CIA Director Gina Haspel secretly visited Ramallah after ‘peace plot’ bid: Report


CIA Director Gina Haspel has reportedly paid a secret visit to occupied Palestinian city of Ramallah just a day after US President Donald Trump announced his so-called “peace plan” which was resoundingly rejected by all Palestinian factions.

During the covert visit on Thursday, the US CIA chief met with “senior Palestinian Authority (PA) officials,” who have reiterated the plans to cut all security ties with Washington and the Tel Aviv, Israeli news outlets reported Saturday.

According to the Israeli media reports, Haspel did not get to meet with Palestinian Authority Chairman Mahmoud Abbas during the visit, but held talks with PA’s Intelligence Director Majid Faraj and its minister in charge of Palestinian-Israeli interrelations, Hossein al-Sheikh, to relay the message that the annexation of the Israeli illegal settlements in the occupied territories would not take effect prior to the March 2 elections by the regime.

The American CIA chief further relayed the same message to Israel though the Israeli media reports did not say whether she also held talks with Israeli officials during her short visit.

The reports came as Abbas announced during an Arab League summit in the Egyptian capital Cairo on Saturday that PA will no longer recognize ties with the Israeli regime and Washington after the Trump administration revealed its controversial and openly pro-Israel plot in a purported bid to resolve the age-old Palestinian-Israeli conflict.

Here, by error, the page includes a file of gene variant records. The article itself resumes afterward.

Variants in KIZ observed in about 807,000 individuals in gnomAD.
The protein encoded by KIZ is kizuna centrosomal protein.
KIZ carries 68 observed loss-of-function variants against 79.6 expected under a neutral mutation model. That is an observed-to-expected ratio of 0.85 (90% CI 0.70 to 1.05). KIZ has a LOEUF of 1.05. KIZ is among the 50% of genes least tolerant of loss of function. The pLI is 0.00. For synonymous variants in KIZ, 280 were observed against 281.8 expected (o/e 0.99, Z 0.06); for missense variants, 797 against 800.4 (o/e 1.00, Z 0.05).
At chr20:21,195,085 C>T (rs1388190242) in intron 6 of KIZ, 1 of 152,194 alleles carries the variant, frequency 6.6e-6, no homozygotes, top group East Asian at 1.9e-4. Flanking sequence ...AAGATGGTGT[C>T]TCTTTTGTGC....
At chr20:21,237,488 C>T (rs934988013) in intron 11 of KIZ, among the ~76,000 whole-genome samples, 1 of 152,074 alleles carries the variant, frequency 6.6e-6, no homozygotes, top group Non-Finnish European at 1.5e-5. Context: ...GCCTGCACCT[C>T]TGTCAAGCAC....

The US had announced the so-called deal of the century — a brainchild of President Donald Trump’s son-in-law and adviser Jared Kushner and other key pro-Israeli figures — years ago, but had withheld the details.

Trump revealed the general provisions of the scheme on Tuesday, with Israeli Prime Minister Benjamin Netanyahu at his side. Palestinian sides were conspicuous by their absence at the ceremony given their vociferous disagreement with the plot.

Under the scheme, the US would continue to recognize Jerusalem as Israel’s “undivided capital,” Trump said, endorsing his 2017 move concerning the holy city.

He said the deal featured an economic portion that earmarks $50 billion in monetary allocations to Palestinians, Jordan, and Egypt. Palestinians have denounced this as a means of bribing them into selling their rights.

Still contentiously, Trump said that the Israeli settlers, who have been housed in illegal apartment blocks since Tel Aviv’s occupation of the West Bank in 1967, would not be moved under the deal  something that amounts to annexation of the land on which the settlements have been built.

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